Mr. Trump comes to Wash­ing­ton

Pres­i­dent-elect takes a tri­umphant tour

Daily Local News (West Chester, PA) - - NEWS - By Julie Pace AP White House Correspondent

Pres­i­den­t­elect Don­ald Trump took a tri­umphant tour of the na­tion’s cap­i­tal Thurs­day, hold­ing a cor­dial White House meet­ing with Pres­i­dent Barack Obama, sketch­ing out pri­or­i­ties with Repub­li­can con­gres­sional lead­ers and tak­ing in the ma­jes­tic view from where he’ll be sworn in to of­fice.

Trump’s meet­ing with Obama spanned 90 min­utes, longer than orig­i­nally sched­uled. Obama said he was “en­cour­aged” by Trump’s will­ing­ness to work with his team dur­ing the tran­si­tion of power, and the Repub­li­can called the pres­i­dent a “very good man.”

“I very much look for­ward to deal­ing with the pres­i­dent in the fu­ture, in­clud­ing his coun­sel,” Trump said from the Oval Of­fice. He’ll be­gin oc­cu­py­ing the of­fice on Jan. 20.

While Trump noted that he and Obama had never met be­fore, their po­lit­i­cal his­to­ries will for­ever be linked. Trump spent years per­pe­trat­ing the lie that Obama was born out­side the United States. The pres­i­dent cam­paigned ag­gres­sively against Trump dur­ing the 2016 cam­paign, warn­ing that his elec­tion would put the repub­lic at risk.

But at least pub­licly, the two men ap­peared to put aside their an­i­mos­ity. As the meet­ing con­cluded and jour­nal­ists scram­bled out of the Oval Of­fice, Obama smiled at his suc­ces­sor and ex­plained the un­fold­ing scene.

“We now are go­ing to want to do ev­ery­thing we can to help you suc­ceed be­cause if you suc­ceed the coun­try suc­ceeds,” Obama said.

From the White House, Trump headed to Capi­tol Hill for meet­ings with House Speaker Paul Ryan of Wis­con­sin and Se­nate Ma­jor­ity Leader Mitch McConnell of Ken­tucky to dis­cuss the GOP leg­isla­tive agenda. Ryan, who holds the most pow­er­ful post in Congress, was a some­time critic of Trump and never cam­paigned with the nom­i­nee.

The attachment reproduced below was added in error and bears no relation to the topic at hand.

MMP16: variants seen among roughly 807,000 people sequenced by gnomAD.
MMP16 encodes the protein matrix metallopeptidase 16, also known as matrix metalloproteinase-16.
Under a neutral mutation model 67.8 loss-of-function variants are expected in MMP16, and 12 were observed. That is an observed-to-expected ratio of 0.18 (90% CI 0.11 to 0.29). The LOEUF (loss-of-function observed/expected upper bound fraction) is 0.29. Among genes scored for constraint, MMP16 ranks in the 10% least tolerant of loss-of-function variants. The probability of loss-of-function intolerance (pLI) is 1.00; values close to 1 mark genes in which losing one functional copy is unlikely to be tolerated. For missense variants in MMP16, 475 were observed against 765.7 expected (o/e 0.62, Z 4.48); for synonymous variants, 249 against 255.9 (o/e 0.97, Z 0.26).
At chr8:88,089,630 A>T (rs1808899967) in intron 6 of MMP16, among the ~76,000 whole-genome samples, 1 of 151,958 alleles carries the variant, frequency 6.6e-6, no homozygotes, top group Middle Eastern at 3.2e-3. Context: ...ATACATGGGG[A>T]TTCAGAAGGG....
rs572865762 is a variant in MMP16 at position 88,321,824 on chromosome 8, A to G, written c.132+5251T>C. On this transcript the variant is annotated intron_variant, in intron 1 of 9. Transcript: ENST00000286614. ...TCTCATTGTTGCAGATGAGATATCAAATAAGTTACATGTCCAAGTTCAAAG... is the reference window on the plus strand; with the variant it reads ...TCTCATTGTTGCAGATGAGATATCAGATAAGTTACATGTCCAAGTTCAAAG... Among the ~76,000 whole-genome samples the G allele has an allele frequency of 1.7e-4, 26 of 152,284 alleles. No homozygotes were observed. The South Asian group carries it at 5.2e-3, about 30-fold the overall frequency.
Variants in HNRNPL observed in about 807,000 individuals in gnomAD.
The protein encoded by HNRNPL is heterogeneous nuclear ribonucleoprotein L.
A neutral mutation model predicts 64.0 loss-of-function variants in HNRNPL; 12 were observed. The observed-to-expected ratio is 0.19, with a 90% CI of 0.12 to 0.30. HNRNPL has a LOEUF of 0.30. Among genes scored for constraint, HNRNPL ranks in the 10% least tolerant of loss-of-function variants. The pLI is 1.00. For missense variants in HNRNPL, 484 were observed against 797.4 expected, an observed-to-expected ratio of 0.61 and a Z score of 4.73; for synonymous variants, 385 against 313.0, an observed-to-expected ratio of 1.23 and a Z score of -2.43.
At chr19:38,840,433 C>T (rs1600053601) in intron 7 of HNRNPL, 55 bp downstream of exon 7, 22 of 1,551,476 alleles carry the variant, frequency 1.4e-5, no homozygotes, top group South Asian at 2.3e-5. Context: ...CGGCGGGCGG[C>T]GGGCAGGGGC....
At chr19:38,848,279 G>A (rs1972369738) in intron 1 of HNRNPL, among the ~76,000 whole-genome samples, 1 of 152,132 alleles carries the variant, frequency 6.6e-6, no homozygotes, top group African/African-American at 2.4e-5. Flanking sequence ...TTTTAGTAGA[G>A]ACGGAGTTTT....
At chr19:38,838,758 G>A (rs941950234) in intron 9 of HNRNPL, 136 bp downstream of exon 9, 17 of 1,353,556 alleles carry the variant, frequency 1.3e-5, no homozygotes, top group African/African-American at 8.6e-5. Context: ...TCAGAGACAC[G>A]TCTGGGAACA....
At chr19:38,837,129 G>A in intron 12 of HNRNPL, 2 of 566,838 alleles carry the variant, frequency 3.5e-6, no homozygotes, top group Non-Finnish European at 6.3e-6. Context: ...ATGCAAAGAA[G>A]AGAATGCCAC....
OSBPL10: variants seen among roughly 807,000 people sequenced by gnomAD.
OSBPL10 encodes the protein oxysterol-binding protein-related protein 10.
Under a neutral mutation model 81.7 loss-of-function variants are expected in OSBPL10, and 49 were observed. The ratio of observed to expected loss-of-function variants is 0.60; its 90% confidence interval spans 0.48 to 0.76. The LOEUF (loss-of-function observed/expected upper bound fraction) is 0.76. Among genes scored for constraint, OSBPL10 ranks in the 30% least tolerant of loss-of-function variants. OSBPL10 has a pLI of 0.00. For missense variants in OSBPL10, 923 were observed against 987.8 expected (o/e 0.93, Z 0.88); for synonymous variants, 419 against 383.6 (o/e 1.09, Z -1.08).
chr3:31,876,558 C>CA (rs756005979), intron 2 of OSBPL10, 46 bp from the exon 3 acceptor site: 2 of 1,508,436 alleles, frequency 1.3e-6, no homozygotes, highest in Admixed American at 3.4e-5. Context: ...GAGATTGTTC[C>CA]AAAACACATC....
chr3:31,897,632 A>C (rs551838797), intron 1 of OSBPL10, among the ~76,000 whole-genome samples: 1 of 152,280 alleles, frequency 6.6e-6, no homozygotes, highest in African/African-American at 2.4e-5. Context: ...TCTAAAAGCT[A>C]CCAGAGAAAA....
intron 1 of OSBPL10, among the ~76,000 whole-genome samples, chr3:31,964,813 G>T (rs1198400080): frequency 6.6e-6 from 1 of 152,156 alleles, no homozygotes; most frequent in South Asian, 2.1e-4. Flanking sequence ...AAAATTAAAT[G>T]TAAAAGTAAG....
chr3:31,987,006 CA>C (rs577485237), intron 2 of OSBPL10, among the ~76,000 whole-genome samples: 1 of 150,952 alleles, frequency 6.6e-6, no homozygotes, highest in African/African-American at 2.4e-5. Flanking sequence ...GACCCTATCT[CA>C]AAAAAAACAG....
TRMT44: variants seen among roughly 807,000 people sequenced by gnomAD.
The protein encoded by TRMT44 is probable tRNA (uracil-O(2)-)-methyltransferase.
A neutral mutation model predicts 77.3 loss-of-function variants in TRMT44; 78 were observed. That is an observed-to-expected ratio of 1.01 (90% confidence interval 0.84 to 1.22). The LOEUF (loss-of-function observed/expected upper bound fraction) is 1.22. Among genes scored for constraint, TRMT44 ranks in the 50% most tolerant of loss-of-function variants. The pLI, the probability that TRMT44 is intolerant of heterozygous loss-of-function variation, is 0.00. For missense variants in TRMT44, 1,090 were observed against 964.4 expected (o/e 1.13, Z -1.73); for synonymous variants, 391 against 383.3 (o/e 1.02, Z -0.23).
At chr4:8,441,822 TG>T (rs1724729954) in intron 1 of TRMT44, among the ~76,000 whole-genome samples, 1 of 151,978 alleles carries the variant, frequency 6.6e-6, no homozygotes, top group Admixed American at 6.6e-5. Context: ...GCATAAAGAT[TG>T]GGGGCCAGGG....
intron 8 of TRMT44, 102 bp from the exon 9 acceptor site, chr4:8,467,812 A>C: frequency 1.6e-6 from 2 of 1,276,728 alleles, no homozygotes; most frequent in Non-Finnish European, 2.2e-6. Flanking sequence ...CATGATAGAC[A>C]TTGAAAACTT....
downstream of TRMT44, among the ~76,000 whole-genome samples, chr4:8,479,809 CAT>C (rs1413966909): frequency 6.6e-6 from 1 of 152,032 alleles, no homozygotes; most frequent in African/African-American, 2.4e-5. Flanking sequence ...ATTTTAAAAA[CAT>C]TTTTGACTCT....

Emerg­ing from the meet­ings, Trump sketched out pri­or­i­ties for his pres­i­dency.

“We’re go­ing to move very strongly on im­mi­gra­tion,” he said. “We will move very strongly on health care. And we’re look­ing at jobs. Big league jobs.”

Ryan took Trump on a tour of the Speaker’s Bal­cony over­look­ing the Na­tional Mall, the scene of Trump’s up­com­ing in­au­gu­ra­tion. The view, Trump said, was “re­ally, re­ally beau­ti­ful.”

Trump was also be­gin­ning the process of putting to­gether his White House team. Repub­li­can Na­tional Com­mit­tee Chair­man Reince Priebus, who worked his way into Trump’s in­ner cir­cle dur­ing the elec­tion, and top cam­paign of­fi­cial Kellyanne Con­way were emerg­ing as pos­si­ble picks for White House chief of staff, ac­cord­ing to two peo­ple fa­mil­iar with the tran­si­tion plan­ning.

A third per­son said con­ser­va­tive me­dia ex­ec­u­tive Steve Ban­non was also in the mix, though oth­ers in­sisted Ban­non would not have a White House role. Those in­volved in the process in­sisted on anonymity be­cause they were not au­tho­rized to dis­cuss the plan­ning pub­licly. A de­ci­sion on chief of staff is ex­pected in the com­ing days.